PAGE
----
Good morning and happy Monday!
I love old articles about quilters because I like to learn about their perspective and also discover what kinds of quilts they made.
In 1946, The Cleburne News ran an article about Mrs. Loumandy Parker of Edwardsville, Alabama and her quilt business.
Mrs. Parker was suffering from neuritis in the muscles which the article attributed to hard quilting. It was reported that she had made 300 quilts in the last 3 years. Her 15 year old daughter Juanita assisted her and so sometimes did her husband when he wasn't busy farming. The family lived in a log cabin.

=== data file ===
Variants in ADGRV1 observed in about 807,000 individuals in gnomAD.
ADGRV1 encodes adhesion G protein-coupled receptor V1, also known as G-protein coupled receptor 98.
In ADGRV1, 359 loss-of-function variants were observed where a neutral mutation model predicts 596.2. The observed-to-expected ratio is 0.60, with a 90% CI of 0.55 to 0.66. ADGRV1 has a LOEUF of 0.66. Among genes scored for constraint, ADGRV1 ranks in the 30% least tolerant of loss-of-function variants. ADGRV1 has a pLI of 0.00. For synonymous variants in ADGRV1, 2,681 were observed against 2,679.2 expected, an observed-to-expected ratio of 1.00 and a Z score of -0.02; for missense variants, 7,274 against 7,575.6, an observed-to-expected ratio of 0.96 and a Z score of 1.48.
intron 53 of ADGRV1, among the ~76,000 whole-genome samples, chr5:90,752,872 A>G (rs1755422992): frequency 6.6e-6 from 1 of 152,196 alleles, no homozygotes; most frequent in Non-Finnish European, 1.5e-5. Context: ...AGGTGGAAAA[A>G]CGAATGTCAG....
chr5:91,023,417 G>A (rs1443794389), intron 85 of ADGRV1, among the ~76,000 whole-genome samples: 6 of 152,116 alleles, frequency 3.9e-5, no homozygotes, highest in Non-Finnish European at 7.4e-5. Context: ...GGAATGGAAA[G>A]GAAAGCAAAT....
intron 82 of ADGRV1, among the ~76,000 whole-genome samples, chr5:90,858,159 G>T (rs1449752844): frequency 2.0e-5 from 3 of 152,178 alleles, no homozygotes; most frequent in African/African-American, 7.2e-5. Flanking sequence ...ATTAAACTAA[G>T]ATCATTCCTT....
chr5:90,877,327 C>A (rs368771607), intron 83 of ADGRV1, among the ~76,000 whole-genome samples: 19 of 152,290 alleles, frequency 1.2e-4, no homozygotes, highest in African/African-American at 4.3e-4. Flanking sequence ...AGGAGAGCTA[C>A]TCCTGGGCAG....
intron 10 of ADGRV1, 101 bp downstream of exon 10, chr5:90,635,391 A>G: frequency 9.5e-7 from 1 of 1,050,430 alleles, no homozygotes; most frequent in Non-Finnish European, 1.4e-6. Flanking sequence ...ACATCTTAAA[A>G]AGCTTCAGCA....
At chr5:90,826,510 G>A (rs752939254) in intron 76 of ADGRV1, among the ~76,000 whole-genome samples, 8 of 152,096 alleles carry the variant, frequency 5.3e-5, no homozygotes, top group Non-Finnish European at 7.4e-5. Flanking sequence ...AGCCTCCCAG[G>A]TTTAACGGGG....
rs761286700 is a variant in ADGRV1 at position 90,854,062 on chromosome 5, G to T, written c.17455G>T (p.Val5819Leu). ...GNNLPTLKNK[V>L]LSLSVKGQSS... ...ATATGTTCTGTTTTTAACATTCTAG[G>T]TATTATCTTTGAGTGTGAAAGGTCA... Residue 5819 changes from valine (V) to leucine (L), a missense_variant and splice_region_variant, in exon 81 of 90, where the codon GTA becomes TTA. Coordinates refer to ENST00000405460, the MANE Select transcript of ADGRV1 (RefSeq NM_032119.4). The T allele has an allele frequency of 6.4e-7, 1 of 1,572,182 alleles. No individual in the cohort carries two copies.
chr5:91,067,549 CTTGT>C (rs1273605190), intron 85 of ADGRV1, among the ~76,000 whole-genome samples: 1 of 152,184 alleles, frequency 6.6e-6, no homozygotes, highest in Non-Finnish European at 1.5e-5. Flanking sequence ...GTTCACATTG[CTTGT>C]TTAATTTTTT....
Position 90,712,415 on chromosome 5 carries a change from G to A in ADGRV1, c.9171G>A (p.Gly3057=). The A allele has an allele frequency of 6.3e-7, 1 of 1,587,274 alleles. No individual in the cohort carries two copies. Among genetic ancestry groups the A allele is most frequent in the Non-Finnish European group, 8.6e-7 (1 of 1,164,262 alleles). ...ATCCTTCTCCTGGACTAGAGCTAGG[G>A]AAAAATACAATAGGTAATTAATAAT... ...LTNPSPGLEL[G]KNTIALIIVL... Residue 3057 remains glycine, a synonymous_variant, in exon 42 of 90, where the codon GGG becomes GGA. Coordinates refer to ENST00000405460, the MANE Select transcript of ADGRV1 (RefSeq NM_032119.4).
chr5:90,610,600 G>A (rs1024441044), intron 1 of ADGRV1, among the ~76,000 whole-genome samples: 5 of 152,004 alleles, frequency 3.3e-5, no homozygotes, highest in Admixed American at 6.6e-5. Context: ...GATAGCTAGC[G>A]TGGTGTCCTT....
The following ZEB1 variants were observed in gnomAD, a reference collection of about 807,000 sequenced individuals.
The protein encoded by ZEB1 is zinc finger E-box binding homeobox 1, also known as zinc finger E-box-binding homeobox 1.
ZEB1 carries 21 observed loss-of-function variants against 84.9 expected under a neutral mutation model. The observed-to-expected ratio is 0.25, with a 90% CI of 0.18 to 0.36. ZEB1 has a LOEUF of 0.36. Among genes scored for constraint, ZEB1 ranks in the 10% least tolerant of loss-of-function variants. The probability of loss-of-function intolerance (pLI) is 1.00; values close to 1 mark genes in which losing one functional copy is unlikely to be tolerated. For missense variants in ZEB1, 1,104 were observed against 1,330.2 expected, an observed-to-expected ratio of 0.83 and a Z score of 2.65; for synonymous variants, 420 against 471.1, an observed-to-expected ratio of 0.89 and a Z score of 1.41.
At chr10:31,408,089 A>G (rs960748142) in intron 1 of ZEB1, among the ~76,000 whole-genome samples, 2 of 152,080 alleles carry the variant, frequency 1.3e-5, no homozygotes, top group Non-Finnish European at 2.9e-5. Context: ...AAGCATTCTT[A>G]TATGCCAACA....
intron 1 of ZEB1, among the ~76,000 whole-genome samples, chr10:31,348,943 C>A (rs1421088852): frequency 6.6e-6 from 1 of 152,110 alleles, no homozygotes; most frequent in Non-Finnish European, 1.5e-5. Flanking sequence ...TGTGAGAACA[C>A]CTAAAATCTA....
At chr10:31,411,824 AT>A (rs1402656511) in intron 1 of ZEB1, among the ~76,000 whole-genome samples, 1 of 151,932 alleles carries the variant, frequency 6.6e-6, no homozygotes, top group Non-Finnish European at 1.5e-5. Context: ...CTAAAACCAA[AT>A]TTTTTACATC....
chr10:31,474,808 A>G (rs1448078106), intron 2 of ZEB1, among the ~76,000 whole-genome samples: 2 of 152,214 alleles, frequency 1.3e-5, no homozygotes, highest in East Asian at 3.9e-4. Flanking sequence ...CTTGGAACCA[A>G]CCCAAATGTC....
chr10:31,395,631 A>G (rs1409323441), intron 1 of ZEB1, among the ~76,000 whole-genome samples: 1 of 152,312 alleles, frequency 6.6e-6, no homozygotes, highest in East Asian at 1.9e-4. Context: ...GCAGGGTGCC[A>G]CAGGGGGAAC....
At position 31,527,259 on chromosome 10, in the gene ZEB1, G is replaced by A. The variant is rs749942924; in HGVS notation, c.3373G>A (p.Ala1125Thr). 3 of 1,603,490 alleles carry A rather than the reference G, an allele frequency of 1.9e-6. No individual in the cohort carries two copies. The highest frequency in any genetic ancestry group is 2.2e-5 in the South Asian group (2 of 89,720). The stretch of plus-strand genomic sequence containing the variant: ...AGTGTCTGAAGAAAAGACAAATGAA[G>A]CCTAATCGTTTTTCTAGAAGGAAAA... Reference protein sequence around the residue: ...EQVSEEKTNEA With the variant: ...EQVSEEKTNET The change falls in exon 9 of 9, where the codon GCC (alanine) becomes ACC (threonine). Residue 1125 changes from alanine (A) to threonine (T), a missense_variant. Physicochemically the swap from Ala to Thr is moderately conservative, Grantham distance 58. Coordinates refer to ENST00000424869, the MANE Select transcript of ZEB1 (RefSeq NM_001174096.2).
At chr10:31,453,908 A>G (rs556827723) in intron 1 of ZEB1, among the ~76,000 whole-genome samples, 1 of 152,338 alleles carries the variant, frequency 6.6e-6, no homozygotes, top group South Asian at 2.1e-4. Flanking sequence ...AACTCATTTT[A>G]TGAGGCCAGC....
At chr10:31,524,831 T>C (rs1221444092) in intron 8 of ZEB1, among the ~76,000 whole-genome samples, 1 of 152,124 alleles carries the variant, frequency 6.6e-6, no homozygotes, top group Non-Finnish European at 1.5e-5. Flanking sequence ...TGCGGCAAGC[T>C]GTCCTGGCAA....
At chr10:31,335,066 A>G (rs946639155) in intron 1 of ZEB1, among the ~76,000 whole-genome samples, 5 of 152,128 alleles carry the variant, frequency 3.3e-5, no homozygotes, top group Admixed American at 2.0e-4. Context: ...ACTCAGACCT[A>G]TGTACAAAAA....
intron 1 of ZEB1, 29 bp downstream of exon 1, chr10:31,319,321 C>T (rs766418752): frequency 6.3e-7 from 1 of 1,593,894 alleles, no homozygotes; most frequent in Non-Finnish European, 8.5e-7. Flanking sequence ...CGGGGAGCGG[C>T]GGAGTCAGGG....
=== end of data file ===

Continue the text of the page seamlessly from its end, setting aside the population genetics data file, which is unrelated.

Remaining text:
The business came about only 7 years earlier when Mrs. Parker hung out some of the quilts she had made that the family wasn't using. The quilts initially sold for $5, then $7 gradually rising to as high as $15. The $15 price would equal about $207 today; $7 would equal about $69.
Some of the patterns she favored were:
Mrs. Parker also designed her own quilt patterns (no photo unfortunately). According to the article, she designed a quilt called "Water Lilies and Swans" after seeing some of the swans in an nearby waterway. Another pattern was called "Morning Star" while a third she used for children's quilts and depicted baby chicks eating out of a pan.
Although she was described as gentle and grey-haired, she had her limits.
"If it were not for the fact that Mrs. Loumandy Parker was a good Christian woman and a kindly soul to boot, she would pay her respects to the makers of tufted chenille bedspreads with a snort of derision, thus 'Hmpf!'"
Tomorrow I'll talk about the lesson I learned from Mrs. Parker.
Have a safe and happy day!